Watch video here!


Art AIDS America

One of the most intriguing creative projects I found was Art AIDS America exhibition at The Bronx Museum of the Arts. This is the first mainstream museum to speak out about the HIV/AIDS epidemic that has affected many in the US especially artists. This exhibition was a way for the public to see the influence AIDS has had on American art and culture since the epidemic began in the 80s all the way to the present. This is powerful because art is able to keep memories and emotions alive, while presenting complex truths and educating the public. This is real. Real work that real people created while dealing with this very real epidemic. Finally, the suppressed and being given a voice for all to hear and see. This is a really great first step for society to gain some empathy for the epidemic, which is essential for creating progress.

Nick Saho / Reading Response

Vito Russo’s Why We Fight speech was a message to the general public and the media that they needed to put hatred and ignorance aside in order to help a community in need. Russo wanted people to stop viewing the disease as a punishment for homosexuality and using it as an excuse to keep their personal views. The general public wasn’t paying attention or lending a helping hand because the disease wasn’t directly affecting them.

The first chapter of Sonja Mackenzie’s Structural Intimacies book presents social narratives about HIV that were formed from the collected stories of black communities within the San Francisco area. These three narratives were ease of access to alcohol, silence about male homosexuality, and government conspiracy theories. These theories that the government created HIV to infect black communities show how racism still affects and creates separation in portions of our society. People seek to have explanations for the situations that they’re in, and that’s why these social theories are formed.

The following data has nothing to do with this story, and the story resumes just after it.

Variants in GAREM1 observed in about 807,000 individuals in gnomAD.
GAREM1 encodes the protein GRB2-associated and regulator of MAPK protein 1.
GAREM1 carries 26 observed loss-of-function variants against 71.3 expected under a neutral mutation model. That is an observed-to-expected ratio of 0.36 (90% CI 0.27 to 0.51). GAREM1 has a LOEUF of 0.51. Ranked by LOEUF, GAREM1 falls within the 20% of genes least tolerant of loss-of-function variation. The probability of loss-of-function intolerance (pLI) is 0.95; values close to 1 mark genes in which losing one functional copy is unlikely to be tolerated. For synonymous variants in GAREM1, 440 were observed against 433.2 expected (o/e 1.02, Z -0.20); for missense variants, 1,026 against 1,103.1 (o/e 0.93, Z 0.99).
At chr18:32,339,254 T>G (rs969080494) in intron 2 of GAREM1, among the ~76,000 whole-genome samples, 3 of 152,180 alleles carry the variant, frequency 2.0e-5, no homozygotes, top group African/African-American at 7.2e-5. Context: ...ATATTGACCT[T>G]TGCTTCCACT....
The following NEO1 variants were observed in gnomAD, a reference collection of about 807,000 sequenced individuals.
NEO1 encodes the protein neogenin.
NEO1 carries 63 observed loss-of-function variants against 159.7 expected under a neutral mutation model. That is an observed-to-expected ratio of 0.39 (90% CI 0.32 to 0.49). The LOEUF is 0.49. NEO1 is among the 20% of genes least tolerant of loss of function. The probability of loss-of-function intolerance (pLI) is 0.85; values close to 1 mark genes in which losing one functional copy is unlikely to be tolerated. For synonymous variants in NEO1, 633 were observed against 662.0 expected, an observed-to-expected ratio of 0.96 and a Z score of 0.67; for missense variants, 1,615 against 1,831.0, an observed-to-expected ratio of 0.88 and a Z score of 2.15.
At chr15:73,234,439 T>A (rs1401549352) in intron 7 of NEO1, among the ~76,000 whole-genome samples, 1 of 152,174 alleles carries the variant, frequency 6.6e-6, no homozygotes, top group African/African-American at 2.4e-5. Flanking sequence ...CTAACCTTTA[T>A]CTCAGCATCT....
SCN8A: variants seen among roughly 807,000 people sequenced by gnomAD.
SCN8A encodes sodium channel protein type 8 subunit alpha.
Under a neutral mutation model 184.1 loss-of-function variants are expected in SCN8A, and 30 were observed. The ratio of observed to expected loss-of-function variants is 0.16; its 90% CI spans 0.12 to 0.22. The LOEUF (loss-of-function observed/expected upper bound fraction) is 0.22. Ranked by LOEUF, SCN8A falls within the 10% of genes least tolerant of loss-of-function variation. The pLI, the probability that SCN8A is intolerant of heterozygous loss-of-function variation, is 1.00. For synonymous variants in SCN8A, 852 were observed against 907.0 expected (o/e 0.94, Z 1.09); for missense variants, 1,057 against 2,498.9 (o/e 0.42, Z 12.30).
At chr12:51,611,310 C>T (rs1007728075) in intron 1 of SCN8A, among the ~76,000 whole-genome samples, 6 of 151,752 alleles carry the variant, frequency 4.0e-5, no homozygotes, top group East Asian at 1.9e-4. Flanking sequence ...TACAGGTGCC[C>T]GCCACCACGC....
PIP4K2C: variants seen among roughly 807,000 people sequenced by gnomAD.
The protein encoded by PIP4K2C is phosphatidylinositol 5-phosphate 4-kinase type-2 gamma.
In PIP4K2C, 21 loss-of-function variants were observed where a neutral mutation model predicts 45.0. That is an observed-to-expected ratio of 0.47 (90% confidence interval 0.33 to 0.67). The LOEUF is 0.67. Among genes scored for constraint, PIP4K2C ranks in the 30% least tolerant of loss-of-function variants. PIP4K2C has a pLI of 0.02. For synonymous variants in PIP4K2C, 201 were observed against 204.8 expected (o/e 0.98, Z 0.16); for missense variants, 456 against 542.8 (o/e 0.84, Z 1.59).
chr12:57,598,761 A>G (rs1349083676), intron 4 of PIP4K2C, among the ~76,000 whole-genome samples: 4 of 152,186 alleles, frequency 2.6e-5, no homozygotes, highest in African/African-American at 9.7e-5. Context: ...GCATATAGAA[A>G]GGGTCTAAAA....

In the CNN article by Laurie Garrett, comparisons are made between HIV and the emerging Zika virus. Zika can now be sexually transmitted, which could spread rapidly in active communities. Garrett mentions that it “would likely find its way into populations that feel discriminated against by the general population”. The lack of funding for prevention is causing the rate of abortions to increase enormously. Garrett provides polling that indicates that a good portion of the population still isn’t educated about Zika and how it is transmitted. This lack of knowledge is causing children to potentially be infected or not even have the chance to live.

Ignorance appears to be the theme connecting these three articles. Whether it’s the ignorance of the general public and the media to helping the communities affected by HIV, the ignorance of black communities in understanding HIV and dealing with it, or the ignorance of our current population about the emerging Zika virus. Education and communication are essential to preventing these viruses from being transmitted to more people. Differences need to be put aside in order to help everyone affected by a disease. Viruses have been able to spread because communities are separated and do not have knowledge or empathy for other populations. We can help to prevent HIV and Zika by being willing to learn and help others, regardless of our personal views. We need to promote unity.